Proteas Pace Hounds await Indian Test fledglings

Youngsters such as Virat Kohli will miss Sachin Tendulkar's guidance.-PTI

South Africa has an Ally in history - of winning four of the last five home series against India - while India will look at the last two tours in which Tests were won in Johannesburg and Durban, both venues for the current series. Incidentally, India drew the series 1-1 the last time it toured South Africa during the 2010-11 season and that is a fine initial benchmark to emulate, writes K. C. Vijaya Kumar.

The equations between the BCCI and Cricket South Africa may have plummeted from the warm 1990s to the frost that spread over the last few months but irrespective of that, on-field developments have mirrored the fixed template of both teams largely doing well at home and struggling when they don the guest's attire and cross the seas.

The lone exception to this rule was when South Africa won a Test series in India during 2000. It is India's turn to hopefully whip up another exception as M. S. Dhoni's men get set for a twomatch Test series with games in Johannesburg (Dec. 18-22) and Durban (Dec. 26-30), but it will be a tough task as an inexperienced batting line-up has to cope with a Dale Steyn-led South African attack that can intimidate and strike at will.

Zaheer Khan and skipper Mahendra Singh Dhoni have to don the mantle of mentors.-R.V. MOORTHY

To add to the woes, there is this gaping absence of Sachin Tendulkar, who was a steady, reassuring presence in the Indian dressing room and that means the likes of Virat Kohli and Rohit Sharma don't have their favourite `Paaji' to talk to and sort out technical issues. It is this unseen mentoring role of Tendulkar, that will be missed the most while the Proteas would press hard to keep their unbeaten record intact at home against India. Yes, the maestro was not in prime form for the last two years but he added stability to the squad and as an Indian player said, "There is a feeling of security when Tendulkar is around."

Between them, Murali Vijay, Shikhar Dhawan, Cheteshwar Pujara, Virat Kohli, Rohit Sharma and Ravindra Jadeja, have played just 63 Tests. It is hardly a number when you compare that with the ones clocked by Tendulkar, Rahul Dravid and V. V. S. Laxman though it has to be admitted that despite their inclusion, India, during its last two significant overseas tours, was whipped into submission both in England and in Australia.

In a sense, the transition period meant that fresh blood had to be infused into the playing eleven and South Africa presents the sternest test to the rookies despite their strong show at home especially in the recent series against the West Indies. Among them, only Kohli has an overseas hundred - the 116 against Australia in Adelaide - while Pujara had a forgettable tour in the land of the Proteas during 2010-11, totting up scores of 19, 10 and 2. Subsequently, he has revealed his intense hunger for runs mostly at home while also finding his voice with two tons during India A's last tour of South Africa, a sojourn in which Rohit, Shikhar and even Suresh Raina slammed tons.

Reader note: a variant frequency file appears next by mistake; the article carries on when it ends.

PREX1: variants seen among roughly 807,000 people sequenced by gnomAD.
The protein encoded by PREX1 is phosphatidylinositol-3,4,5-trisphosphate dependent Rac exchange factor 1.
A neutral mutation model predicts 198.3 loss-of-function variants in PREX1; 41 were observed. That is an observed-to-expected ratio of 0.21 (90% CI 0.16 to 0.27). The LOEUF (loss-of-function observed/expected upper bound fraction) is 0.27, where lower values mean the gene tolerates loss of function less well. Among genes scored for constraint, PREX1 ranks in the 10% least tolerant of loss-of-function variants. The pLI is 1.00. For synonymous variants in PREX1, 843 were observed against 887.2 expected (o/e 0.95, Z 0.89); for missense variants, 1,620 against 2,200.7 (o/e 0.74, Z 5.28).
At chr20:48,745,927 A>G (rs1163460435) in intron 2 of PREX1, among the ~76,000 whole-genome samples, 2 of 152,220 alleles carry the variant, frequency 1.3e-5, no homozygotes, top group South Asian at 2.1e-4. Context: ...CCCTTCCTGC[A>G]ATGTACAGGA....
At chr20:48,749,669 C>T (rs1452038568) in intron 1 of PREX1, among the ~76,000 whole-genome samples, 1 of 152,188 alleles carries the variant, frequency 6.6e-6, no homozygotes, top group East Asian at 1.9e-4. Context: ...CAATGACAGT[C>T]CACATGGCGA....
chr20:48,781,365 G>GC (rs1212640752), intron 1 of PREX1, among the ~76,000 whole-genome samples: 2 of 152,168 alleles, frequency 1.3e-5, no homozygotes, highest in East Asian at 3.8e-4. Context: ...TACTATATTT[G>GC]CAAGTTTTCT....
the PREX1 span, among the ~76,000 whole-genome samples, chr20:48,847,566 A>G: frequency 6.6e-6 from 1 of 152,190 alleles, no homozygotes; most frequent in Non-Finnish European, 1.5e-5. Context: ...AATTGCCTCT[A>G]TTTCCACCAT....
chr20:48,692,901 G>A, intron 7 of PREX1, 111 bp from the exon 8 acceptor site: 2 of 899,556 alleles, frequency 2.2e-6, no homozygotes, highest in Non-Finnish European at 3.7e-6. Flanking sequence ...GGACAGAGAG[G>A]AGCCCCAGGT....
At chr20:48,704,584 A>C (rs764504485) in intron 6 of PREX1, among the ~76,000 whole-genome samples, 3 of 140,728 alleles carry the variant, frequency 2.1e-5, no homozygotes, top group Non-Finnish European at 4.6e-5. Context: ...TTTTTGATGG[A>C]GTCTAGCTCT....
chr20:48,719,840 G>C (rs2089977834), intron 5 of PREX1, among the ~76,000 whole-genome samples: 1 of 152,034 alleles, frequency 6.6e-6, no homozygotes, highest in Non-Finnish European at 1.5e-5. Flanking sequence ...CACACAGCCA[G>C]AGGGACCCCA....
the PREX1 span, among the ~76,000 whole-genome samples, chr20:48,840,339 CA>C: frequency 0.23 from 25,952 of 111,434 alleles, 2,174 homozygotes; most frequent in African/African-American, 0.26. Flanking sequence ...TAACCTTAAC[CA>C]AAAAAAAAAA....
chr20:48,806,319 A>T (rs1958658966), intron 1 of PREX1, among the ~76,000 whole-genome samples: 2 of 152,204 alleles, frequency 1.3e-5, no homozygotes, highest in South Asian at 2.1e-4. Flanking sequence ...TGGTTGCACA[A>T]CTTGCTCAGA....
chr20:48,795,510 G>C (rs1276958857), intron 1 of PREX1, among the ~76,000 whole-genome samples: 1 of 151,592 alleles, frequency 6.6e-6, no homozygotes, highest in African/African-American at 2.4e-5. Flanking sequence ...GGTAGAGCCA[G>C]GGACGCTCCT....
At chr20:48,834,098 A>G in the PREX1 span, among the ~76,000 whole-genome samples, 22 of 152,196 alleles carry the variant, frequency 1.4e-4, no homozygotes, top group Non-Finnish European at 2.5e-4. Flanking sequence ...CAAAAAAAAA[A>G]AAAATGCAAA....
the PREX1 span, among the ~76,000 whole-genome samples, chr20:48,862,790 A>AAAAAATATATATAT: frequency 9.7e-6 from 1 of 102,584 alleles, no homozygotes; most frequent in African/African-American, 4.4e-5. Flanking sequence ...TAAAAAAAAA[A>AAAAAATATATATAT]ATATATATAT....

It is not necessarily a bangingagainst- walls exercise because if the Pujaras and the Rohits look back, they will find that men ranging from the celebrated like Dravid to the unheralded like W. V. Raman and Praveen Amre have scored hundreds against an attack that had `White-Lightning' Allan Donald in its ranks during the 1990s. There was also the famous one-two attack that Tendulkar and Mohammad Azharuddin unleashed during an aesthetically stunning 222-run partnership in a losing cause at Cape Town's Newlands during the 1996-97 series.

It is not that as if the current batch lacks the relevant skills but it is about the players emerging unscathed against an attack that is led inarguably by the finest fast bowler in the world now - Steyn. "He is a world class bowler and we all know that. Not many can swing the ball like he does. All you can do as a batsman is to try and upset his length," Kohli said. The biggest batting tragedy in Indian cricket is that Virender Sehwag and Gautam Gambhir have fallen off the map. The duo was expected to soften the blow following the exit of Dravid, Laxman and Tendulkar, but instead India now goes abroad with an under-cooked line-up.

The bowling, meanwhile, has the added weight of a returning Zaheer Khan, who is leaner, meaner and fitter and is expected to spearhead as well as mentor the younger bowlers. How much India can hurt a solid South African batting line-up would all depend on Zaheer striking his rhythm and prising out men like Graeme Smith, Hashim Amla, Jacques Kallis and AB de Villiers. Among the limited spin attack, understandably so in conditions that favour pace, R. Ashwin has to don the lead role and control the middle passages of play.

Much would hinge on how the two senior-most players in the squad - Dhoni and Zaheer - deflect the pressure off their junior team-mates. Minor verbal sparring has already started with Steyn insinuating that India's 141- run loss in the first one-dayer in Johannesburg, would have scarred the visitors. The added negative backdrop of a shortened tour triggered by the soured relationship between the CSA and BCCI and the emotional upheaval of adjusting to a post-Nelson Mandela era, would mean that South Africa will be fired up to perform. It has the added ally of history - of winning four of the last five home series against India - while Dhoni's men will look at the last two tours in which Tests were won in Johannesburg and Durban, both venues for the current series. Incidentally, India drew the series 1-1 the last time it toured South Africa during the 2010-11 season and that is a fine initial benchmark to emulate.